Miner worked hard to build home for family
Above the door of Charles Breslin's whitewashed home in the village of Cwmllynfell is an embedded granite stone with "2010" carved into it. The stone is there as a testament to the hard work he put in to build a new home for himself and his wife Mavis.
A steady stream of neighbours and well-wishers visited the family as they clung on to the hope that Mr Breslin (62) would be pulled out alive from the Gleision Colliery. Their hopes were dashed as it emerged yesterday evening that all four men were killed in what is now one of Britain's worst recent mining accidents. Although police and family members have yet formally to identify the bodies, those killed alongside Mr Breslin are known to be David Powell (50), Garry Jenkins (39), and Phillip Hill (45).
Neighbours described Mr Breslin as an immensely kind and friendly man who had worked tirelessly to build a new house where he and his wife could enjoy their imminent retirement.
Further south in the town of Ystalyfera, locals in the Corner Hut pub were glued to the television screens. “It's not unusual to have a man Charles's age down the mines,” the landlord said. “They have the expertise.”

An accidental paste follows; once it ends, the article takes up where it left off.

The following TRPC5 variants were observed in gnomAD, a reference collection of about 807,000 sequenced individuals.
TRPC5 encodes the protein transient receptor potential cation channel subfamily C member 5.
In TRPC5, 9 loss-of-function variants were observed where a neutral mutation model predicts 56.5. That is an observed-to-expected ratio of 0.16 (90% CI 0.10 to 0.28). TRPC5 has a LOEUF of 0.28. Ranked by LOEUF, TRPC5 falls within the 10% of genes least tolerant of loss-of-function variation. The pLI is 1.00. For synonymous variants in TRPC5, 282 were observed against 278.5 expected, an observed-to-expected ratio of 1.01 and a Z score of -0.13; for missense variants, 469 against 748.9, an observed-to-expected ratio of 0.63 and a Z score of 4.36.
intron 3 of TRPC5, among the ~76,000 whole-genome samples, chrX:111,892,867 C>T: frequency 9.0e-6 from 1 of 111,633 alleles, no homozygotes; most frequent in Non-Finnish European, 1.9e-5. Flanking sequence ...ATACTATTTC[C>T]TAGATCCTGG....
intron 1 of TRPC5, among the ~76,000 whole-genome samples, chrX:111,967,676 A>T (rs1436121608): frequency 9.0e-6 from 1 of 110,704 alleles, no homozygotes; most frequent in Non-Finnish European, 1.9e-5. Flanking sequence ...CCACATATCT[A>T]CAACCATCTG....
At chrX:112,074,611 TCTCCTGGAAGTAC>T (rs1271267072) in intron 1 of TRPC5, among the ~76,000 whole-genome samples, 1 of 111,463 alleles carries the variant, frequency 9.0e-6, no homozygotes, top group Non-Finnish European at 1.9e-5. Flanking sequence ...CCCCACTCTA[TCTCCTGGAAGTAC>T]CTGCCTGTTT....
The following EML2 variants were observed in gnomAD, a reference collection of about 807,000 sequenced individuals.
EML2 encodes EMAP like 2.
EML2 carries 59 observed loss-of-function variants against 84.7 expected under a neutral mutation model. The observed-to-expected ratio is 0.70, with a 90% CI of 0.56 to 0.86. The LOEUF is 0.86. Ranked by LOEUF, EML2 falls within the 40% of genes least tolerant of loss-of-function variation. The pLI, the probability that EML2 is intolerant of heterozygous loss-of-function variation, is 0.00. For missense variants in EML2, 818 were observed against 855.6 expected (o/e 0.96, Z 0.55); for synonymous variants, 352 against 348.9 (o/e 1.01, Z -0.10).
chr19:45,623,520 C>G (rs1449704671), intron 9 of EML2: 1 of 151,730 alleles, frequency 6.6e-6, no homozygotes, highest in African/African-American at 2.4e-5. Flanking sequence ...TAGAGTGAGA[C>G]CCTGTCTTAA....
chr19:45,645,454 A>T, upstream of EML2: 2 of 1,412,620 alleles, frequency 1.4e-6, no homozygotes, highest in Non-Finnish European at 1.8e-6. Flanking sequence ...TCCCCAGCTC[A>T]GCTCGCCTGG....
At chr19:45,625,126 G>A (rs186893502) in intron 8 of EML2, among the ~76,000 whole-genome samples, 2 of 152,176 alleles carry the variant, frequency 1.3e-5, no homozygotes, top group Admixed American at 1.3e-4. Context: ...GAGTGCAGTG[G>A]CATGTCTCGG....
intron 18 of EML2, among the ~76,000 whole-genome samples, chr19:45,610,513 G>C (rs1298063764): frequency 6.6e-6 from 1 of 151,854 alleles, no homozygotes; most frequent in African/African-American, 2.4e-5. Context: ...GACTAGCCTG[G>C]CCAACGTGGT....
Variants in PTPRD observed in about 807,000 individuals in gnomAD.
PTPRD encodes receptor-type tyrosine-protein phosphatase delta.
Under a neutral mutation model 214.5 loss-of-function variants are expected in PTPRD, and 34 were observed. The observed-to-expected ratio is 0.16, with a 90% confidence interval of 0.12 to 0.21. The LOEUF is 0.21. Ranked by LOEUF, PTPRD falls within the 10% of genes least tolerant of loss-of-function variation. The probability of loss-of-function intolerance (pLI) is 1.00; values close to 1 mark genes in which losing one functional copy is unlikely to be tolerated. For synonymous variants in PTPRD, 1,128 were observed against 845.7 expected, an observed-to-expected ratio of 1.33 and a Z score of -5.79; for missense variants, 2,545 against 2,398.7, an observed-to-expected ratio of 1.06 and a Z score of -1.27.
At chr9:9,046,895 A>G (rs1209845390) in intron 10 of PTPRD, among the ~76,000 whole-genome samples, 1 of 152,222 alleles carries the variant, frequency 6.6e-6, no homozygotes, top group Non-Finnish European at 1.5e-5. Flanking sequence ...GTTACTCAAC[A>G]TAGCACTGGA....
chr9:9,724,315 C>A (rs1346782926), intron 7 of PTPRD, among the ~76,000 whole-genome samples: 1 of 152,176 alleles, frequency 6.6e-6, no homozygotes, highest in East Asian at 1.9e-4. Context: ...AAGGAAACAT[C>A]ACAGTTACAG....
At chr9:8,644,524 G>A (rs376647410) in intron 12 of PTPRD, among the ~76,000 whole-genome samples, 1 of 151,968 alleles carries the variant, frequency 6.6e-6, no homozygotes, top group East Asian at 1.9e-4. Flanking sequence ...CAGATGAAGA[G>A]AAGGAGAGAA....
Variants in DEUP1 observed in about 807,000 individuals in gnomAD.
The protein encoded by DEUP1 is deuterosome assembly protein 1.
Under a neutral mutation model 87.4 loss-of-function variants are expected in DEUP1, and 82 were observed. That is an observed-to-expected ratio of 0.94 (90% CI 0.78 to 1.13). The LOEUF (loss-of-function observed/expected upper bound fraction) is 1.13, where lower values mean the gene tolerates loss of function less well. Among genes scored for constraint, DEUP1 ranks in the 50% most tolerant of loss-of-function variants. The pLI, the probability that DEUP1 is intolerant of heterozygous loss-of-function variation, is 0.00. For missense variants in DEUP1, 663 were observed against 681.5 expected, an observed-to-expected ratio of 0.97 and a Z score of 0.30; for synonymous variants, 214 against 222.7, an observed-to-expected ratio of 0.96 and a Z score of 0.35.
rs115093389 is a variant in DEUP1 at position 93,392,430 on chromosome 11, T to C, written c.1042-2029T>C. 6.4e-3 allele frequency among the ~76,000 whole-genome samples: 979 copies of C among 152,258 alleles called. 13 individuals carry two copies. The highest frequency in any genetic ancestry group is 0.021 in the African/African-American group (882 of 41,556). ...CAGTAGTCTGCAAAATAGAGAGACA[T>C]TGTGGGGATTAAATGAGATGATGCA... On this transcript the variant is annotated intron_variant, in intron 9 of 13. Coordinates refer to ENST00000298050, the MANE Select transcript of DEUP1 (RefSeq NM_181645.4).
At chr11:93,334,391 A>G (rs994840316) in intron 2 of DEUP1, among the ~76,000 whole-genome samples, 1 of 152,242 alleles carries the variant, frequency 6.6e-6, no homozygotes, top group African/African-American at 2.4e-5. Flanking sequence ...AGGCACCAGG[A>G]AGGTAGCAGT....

While some family members chose to return to their homes to await the bad news, others remained in the community centre in Rhos. After the news was broken that the fourth miner had been found dead, the Welsh Secretary Peter Hain described the scene inside the centre. “The wife of a miner sitting in a hall,” he said. “Just sitting there. With a tear. And thanking me as if I'd done something.”
For the family of David Powell their sadness was at least tempered by the news that his son Andrew (23) was one of the three miners who managed to escape. The others who made it out alive have been named as Malcolm Fifield (46), the line manager, and Mark Lloyd (45). However, one man is in a critical condition.